Religious Discrimination Bill Cannot Be At The Cost Of LGBT Rights, Says Liberal MP Dave Sharma
The Federal government is set to bring in a new – its third – draft of the Religious Discrimination Bill later this year. But a growing number of Liberal MPs are voicing their concerns about its impact on marriage equality and LGBTQI+ rights in Australia.
The latest to add his voice to the growing chorus in the Coalition against the current draft of the Bill is Wentworth MP Dave Sharma. In an email interview with Star Observer, Sharma said that while he supports a law that protects people from discrimination on the basis of their religious beliefs, it cannot be at the expense of the LGBTQI+ community.
“I will be looking at the draft legislation very closely, and working to ensure it does not undermine or detract from the rights of the LGBTIQ community,” Sharma told Star Observer.
Sharma is the second Liberal MP to take a stand against the Bill – a key election promise made by Prime Minister Scott Morrison in 2019.
Last month Queensland Liberal MP Warren Entsch had told JOYFM, that he doesn’t “see it as a religious discrimination bill. I see it as a Christian bill of rights.”
Entsch had added that he would cross the floor and vote against the Bill if it was against LGBTQI+ rights. Previously other Liberal MPs including Tim Wilson and Senator Dean Smith have expressed their discomfort about rolling back LGBTQI+ rights.
Hard-Fought Rights Of LGBTQI+ Community
Sharma said that he supports a Religious Discrimination Bill that is limited to provisions that relate to bias against people for their religious beliefs.
“We cannot have a situation where one set of rights is prioritised over another, or where hate speech and discrimination is given legal sanction under the guise of religious freedom.”
“I support a Religious Discrimination Bill that is narrowly focused on its main purpose, which as I see it is to protect people against discrimination on the basis of their religion, but this cannot be the expense of the hard-fought rights of the LGBTQI+ community,” said Sharma.
With Federal elections due to be held in 2022, Attorney General Michaelia Cash had last month said that a fresh draft of the Bill would be placed before the Parliament by December 2021.
Two previous drafts of the Bill have been criticised as “deeply flawed” for provisions that would override anti-discrimination laws enacted by states and allow health care providers to refuse services to LGBTQI+ people.
Faith-based organisations have also pushed for exemptions from anti-discrimination laws as well as state-laws, like the one in Victoria that bans conversion practices. The Australian Christian Lobby had said that its managing director Martyn Iles had held meetings with “more than 40 members, senators and staffers in the government party room”.
LGBTQI+ Community Should Be Consulted
A motion introduced by Greens senator Janet Rice calling upon Attorney-General Cash to meet the LGBTQI+ community before finalising a draft of the Bill was defeated after Coalition MPs voted against it in Parliament.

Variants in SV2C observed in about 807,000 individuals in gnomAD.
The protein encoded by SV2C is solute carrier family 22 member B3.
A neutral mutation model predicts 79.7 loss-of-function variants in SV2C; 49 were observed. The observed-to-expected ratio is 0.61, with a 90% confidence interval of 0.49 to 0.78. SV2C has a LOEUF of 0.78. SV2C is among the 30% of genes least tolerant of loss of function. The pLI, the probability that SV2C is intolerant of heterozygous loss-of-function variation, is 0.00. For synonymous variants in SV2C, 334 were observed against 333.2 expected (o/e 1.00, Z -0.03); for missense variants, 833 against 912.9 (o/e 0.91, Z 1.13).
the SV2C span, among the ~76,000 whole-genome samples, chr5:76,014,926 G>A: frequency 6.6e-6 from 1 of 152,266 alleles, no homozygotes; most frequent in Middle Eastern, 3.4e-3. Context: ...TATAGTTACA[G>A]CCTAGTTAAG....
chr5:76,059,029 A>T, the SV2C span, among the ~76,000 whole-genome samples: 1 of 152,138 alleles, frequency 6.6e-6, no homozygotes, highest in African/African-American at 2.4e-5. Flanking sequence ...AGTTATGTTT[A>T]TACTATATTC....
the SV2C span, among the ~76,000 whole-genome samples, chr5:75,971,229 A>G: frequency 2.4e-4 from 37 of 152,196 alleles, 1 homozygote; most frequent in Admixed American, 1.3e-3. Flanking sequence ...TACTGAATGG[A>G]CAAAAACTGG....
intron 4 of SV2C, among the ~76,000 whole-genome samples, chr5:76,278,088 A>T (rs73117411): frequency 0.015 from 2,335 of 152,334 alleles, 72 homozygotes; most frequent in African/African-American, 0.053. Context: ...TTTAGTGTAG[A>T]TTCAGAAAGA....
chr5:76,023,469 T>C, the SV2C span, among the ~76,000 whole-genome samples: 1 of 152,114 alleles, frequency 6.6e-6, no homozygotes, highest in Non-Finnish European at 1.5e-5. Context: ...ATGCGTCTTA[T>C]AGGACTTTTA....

Sharma said that he supports the demand for Attorney General Cash to meet stakeholders who will be impacted by the Bill.
“I believe there is place for a law which protects the rights of people to practice their faith and religion, but it cannot be at the expense of the rights of other groups. I believe the LQBTIQ+ community should be consulted and heard by the Attorney General before any draft legislation comes before Parliament, and I will certainly be making that case,” said Sharma.
The Religious Discrimination Bill was one of the campaign promises made by Morrison, which many saw as a way to placate conservative religious groups after the country voted for Marriage Equality in 2017.
The Wentworth MP has said that there can be no going back to a time when the LGBTQI+ community was stripped of its rights or avenues to fight against discrimination.
“Australians made a clear choice, with the marriage equality plebiscite and its subsequent passage into legislation, in favour of equality for all Australians. We must ensure that anything we do subsequently does not erode or seek to undo these gains we have made,” reiterated Sharma.
Bill Could Threaten Rights
Equality Australia, which has launched a campaign against the Bill, has welcomed the MPs statement.
“We welcome Dave Sharma’s commitment to stand with our communities in refusing to support laws that would take us backwards,” Anna Brown, CEO, Equality Australia told Star Observer.
“He joins his colleague Warren Entsch and a growing list of government MPs concerned that a revived Religious Discrimination Bill could threaten equal access to health care and safe and inclusive workplaces, schools and services,” said Brown.
The organisation pointed out that it was not just the LGBTQI+ community who would be affected if the “deeply flawed” bill is passed, other vulnerable groups would also face discrimination.
“Our laws should protect us all, equally. But the government’s last draft bill would have wound back the hard fought rights of women, the LGBTIQ+ community, people with disability and people of minority faith,” explained Brown.
Equality Australia also questioned the misplaced priorities of the government, when the country is battling a pandemic. “With 12 million Australians in lockdown, the community should reasonably expect that the government’s priorities should be on dealing with the health emergency, not legislating discrimination,” added Brown.